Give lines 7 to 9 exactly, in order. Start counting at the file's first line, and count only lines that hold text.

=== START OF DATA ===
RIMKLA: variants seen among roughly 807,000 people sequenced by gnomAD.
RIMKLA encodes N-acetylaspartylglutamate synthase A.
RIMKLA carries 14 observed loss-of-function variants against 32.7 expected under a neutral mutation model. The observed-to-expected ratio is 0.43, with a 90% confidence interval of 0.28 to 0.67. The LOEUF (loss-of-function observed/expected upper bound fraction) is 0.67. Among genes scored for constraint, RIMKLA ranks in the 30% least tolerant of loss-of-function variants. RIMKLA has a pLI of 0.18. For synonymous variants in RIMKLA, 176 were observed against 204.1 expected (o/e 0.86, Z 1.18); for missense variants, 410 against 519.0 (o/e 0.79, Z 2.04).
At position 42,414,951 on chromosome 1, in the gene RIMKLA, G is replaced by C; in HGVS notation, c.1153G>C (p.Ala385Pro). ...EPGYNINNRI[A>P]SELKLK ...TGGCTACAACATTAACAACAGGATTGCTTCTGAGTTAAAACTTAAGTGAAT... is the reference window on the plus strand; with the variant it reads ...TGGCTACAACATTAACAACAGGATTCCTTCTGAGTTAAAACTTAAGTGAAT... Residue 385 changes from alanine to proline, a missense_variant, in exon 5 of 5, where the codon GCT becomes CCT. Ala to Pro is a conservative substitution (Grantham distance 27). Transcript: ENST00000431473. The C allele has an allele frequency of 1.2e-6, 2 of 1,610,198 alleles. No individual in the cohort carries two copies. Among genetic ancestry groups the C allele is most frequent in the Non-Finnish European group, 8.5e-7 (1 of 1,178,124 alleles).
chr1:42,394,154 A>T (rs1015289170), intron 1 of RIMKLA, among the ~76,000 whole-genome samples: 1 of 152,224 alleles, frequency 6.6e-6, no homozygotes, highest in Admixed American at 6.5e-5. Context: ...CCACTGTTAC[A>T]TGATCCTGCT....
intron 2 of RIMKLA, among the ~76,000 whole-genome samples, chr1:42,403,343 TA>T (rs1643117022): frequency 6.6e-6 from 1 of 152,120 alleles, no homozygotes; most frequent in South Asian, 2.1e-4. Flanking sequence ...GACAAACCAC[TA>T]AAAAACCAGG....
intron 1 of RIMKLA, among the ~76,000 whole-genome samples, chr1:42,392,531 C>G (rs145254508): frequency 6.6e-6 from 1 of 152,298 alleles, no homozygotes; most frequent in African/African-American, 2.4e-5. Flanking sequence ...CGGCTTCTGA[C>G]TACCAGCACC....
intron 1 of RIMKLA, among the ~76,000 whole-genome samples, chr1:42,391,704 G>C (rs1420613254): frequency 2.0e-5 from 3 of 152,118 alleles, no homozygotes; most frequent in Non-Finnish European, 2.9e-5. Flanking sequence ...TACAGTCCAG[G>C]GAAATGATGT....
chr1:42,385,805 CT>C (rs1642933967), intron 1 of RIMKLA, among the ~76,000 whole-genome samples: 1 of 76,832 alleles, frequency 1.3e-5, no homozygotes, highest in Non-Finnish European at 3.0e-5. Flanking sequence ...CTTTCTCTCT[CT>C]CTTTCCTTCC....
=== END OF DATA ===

intron 1 of RIMKLA, among the ~76,000 whole-genome samples, chr1:42,392,531 C>G (rs145254508): frequency 6.6e-6 from 1 of 152,298 alleles, no homozygotes; most frequent in African/African-American, 2.4e-5. Flanking sequence ...CGGCTTCTGA[C>G]TACCAGCACC....
intron 1 of RIMKLA, among the ~76,000 whole-genome samples, chr1:42,391,704 G>C (rs1420613254): frequency 2.0e-5 from 3 of 152,118 alleles, no homozygotes; most frequent in Non-Finnish European, 2.9e-5. Flanking sequence ...TACAGTCCAG[G>C]GAAATGATGT....
chr1:42,385,805 CT>C (rs1642933967), intron 1 of RIMKLA, among the ~76,000 whole-genome samples: 1 of 76,832 alleles, frequency 1.3e-5, no homozygotes, highest in Non-Finnish European at 3.0e-5. Flanking sequence ...CTTTCTCTCT[CT>C]CTTTCCTTCC....